Forex. For knowledgeable investors, or for the gunslinger-gambler type of investors, this is a familiar word that will probably bring either a smile or a scowl and not much in between the two. For everyone else Forex can sound like anything between a delivery service ripping off a more familiar name to a strange science fiction type of alien monster. Obviously it is neither: forex is referential to currency trading. Basically, when investors talk about forex, they are talking about trading one nation’s currency for another, and then selling down the line in the hope that changes in international markets will cause a profit.
These are also sometimes referred to as currency speculations. There are an increasing number of trading companies that are moving to online web pages that allow for currency speculation online. These companies provide an online trading platform for investors, or any individuals that want to speculate on the exchange rate between any two world currencies. The obvious hope is to make a profit when the value of the currency changes in the investor’s favor. The forex market is familiar to a lot of people, as it is considered the largest market in the world with daily reported volume of over 1.8 trillion.
The interesting thing about forex trading is that since it is an international trading scheme, a web site that is set up internationally can be open since 24/7 since somewhere in the world there is always a market open. Somewhere around the world, a financial center is open for business, and banks and other institutions exchange currencies, every hour of the day and night with generally only minor gaps on the weekend. Basically foreign exchange markets follow the sun around the world, giving traders the flexibility of determining their trading day.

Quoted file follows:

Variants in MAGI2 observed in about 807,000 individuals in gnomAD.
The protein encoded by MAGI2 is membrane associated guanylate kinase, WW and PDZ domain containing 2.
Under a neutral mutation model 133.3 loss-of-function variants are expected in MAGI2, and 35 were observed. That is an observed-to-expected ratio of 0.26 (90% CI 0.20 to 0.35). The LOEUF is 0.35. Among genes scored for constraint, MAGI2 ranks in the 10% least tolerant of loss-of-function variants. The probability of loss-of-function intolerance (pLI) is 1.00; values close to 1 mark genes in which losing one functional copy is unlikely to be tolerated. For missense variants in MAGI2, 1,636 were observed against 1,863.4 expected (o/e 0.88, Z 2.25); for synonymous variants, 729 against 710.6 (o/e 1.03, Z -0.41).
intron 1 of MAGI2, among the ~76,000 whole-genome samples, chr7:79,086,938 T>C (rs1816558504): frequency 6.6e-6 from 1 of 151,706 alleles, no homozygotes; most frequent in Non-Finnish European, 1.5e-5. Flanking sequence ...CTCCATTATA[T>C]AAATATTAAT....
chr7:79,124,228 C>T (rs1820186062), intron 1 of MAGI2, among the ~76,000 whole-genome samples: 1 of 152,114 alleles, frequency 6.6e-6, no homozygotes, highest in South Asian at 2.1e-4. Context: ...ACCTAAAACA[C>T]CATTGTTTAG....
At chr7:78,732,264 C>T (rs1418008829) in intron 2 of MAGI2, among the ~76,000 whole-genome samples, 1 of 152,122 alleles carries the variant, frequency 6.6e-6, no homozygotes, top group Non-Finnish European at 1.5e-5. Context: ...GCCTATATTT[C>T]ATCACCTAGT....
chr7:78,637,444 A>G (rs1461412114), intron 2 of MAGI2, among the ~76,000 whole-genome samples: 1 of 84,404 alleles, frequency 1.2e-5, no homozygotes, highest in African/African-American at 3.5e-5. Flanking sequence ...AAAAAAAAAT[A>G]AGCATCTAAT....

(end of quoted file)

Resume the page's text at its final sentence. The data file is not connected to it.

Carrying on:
While there are a lot of different ideas and strategies for how to best go about trading, the end goal is fairly simple. Buy a currency when it is low, and then sell it when it is high. For example, suppose one dollar is worth one hundred yen. $100 then equals 10,000 yen. Now wait for a year. Suppose the United States economy slows down, has some major warning signs, but Japan is doing great. Now one dollar does not equal 100 yen, but 75. Another way to look at this is that a year ago 100 yen equals $1, but now 75 yen equals $1. Now your 10,000 yen can be sold for $133.33. The investor just made 33% in one year! That is forex, and the promise of this type of one year turn around is what has investors from all walks of life playing the table in hope of making a Vegas type score.